WA State condemns inappropriate treatment of pain

Finally, some good news: the State of Washington has issued an “Interpretive Statement” to officially condemn doctors unwilling to effectively treat pain, even when that includes opioid therapy, and to clarify that:

appropriate pain management is the responsibility of the treating practitioner and the inappropriate treatment of pain, including lack of treatment, is a departure from the standard of care.”

This is a complete turn-around from the stringent restrictions this state was one of the first to enact. Jane Ballantyne, MD, and Roger Chou, MD, two of the “experts” who worked on the CDC guideline, are both from the University of Washington, so I’m astonished that the same state is now backing off from their extreme anti-opioid views.

Will wonders never cease…

State of Washington – Washington Medical Commission Interpretive Statement

Description of the Issue

The Washington Medical Commission (Commission) is aware that some practitioners are refusing to see or continue to treat patients who have taken or are currently using opioids.

To help underscore and clarify the need for patient access and the rights of patients for treatment, the Commission issues this interpretive statement for patient and practitioner use.

Interpretive Statement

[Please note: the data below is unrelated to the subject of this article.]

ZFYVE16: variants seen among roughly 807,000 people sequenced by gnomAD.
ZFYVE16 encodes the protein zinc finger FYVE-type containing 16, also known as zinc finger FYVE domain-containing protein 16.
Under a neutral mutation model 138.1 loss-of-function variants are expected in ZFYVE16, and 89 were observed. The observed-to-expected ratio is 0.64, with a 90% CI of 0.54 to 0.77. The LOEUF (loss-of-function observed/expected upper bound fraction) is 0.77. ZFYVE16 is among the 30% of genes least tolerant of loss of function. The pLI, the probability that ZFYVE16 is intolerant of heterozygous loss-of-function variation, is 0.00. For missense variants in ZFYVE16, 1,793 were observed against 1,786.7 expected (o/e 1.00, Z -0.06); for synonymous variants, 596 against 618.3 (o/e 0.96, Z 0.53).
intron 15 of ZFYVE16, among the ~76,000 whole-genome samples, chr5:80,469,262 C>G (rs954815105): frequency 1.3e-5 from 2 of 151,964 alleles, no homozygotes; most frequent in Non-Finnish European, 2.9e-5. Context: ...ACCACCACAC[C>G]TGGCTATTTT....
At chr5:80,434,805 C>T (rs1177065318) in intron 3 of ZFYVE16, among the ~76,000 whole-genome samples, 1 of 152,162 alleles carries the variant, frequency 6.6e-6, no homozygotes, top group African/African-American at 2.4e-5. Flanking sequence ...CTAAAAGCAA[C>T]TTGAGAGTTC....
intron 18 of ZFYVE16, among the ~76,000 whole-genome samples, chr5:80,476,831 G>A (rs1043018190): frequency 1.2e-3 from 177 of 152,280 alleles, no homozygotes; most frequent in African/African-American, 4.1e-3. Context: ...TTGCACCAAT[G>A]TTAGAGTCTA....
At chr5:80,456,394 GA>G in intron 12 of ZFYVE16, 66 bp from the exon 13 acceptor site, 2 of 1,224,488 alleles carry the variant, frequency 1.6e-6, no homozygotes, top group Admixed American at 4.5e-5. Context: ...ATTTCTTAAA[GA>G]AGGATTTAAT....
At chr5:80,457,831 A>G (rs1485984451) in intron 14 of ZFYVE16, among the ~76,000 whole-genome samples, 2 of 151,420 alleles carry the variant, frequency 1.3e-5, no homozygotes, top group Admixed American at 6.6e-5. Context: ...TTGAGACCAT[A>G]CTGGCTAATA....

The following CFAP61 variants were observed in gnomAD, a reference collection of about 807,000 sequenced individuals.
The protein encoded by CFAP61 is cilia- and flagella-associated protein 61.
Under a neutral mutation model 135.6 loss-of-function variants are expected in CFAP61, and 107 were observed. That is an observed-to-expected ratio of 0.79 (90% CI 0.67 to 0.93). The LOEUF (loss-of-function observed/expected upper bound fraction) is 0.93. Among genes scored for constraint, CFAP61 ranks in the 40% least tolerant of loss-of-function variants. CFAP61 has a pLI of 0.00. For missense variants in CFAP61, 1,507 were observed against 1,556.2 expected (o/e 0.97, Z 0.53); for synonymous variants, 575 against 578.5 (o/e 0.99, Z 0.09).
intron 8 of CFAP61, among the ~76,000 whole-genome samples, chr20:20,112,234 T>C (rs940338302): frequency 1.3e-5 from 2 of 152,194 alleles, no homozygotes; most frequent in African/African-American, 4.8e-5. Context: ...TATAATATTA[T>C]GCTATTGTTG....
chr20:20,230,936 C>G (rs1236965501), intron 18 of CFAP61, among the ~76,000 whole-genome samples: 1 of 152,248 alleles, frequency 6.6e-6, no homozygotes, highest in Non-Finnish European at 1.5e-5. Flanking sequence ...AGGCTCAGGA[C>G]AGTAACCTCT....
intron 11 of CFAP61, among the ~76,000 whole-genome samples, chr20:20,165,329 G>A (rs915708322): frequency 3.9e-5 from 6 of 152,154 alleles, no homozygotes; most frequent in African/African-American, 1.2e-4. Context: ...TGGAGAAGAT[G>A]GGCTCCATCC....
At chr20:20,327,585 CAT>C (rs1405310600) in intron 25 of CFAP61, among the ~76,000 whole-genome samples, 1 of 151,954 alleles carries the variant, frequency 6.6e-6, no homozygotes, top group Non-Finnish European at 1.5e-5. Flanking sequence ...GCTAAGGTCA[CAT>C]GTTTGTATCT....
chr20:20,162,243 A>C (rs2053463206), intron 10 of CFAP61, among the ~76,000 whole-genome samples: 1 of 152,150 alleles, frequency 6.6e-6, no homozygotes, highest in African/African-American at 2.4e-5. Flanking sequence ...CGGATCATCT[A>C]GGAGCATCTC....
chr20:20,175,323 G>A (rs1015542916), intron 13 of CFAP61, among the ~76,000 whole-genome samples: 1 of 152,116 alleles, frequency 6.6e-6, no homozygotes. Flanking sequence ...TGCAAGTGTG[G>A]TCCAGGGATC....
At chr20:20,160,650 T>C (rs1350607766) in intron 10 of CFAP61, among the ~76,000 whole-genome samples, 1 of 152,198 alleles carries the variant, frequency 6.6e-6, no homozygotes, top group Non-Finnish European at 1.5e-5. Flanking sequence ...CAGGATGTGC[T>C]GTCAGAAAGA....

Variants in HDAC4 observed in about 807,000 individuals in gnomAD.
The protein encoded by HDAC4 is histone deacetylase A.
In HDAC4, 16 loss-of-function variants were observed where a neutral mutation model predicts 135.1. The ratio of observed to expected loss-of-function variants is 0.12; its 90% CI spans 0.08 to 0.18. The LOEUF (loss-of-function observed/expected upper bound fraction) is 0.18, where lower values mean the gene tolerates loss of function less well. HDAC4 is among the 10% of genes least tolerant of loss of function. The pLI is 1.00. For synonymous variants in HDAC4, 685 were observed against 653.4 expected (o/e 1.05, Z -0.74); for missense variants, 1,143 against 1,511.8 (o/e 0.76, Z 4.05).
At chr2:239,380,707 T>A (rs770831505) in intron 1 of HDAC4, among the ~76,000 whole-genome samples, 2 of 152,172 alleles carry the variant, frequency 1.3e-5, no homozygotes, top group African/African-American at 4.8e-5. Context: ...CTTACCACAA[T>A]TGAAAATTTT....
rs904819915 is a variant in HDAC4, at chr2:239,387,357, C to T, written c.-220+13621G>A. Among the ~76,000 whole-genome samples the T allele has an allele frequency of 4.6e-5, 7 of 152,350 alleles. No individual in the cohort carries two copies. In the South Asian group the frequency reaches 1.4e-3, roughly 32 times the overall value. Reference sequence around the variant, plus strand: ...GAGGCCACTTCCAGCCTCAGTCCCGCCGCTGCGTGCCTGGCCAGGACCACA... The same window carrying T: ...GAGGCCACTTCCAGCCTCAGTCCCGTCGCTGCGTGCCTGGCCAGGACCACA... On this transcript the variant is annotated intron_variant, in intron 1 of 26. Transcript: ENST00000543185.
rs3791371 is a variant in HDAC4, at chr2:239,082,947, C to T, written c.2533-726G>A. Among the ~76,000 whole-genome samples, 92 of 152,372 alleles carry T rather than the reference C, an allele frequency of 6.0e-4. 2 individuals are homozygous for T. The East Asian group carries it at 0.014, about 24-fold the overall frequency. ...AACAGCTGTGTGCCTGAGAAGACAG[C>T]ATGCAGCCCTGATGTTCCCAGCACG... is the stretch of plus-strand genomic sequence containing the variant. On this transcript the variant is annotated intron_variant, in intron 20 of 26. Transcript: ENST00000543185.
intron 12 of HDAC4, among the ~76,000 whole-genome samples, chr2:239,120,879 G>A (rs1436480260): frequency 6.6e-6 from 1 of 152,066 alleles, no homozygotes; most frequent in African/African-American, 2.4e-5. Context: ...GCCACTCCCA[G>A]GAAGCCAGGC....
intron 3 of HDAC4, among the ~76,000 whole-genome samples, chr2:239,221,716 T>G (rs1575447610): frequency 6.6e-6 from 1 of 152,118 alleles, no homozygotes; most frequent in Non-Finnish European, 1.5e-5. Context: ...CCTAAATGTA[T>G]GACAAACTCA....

The opioid prescribing rule states that:

“appropriate pain management is the responsibility of the treating practitioner and the inappropriate treatment of pain, including lack of treatment, is a departure from the standard of care.”

The Commission, in WAC 246-919-850 and WAC 246-918- 800 encourages practitioners, especially those in primary care, to view pain management as a part of standard medical practice for all patients and to become knowledgeable about assessing pain and effective treatments.

The intent provision explicitly states that the rules are not inflexible and repeatedly recognizes the importance of clinical judgment.

The Commission interprets WAC 246-919-850 to 246-919-985 and corresponding physician assistant Washington Administrative Code (WAC 246-918-800 to WAC 246-918-935) as encouragement to practitioners to not exclude, undertreat, or dismiss a patient from a practice solely because the patient has used or is using opioids in the course of normal medical care.

While in most circumstances a practitioner is not legally required to treat a particular patient, the refusal to see or continue to treat a patient merely because the patient has taken or is currently using opioids is contrary to the clear intent of the Commission’s rules governing opioid prescribing.

Ending opioid therapy or initiating a forced tapering of opioids to a particular MED level for reasons outside of clinical efficacy or improvement in quality of life and/or function or abuse would violate the intent of the rules.

Analysis

The new rule, WAC 246-919-850, and its corresponding physician assistant rule (WAC 246-918- 800), describe the Commission’s intent and scope of the rules as follows: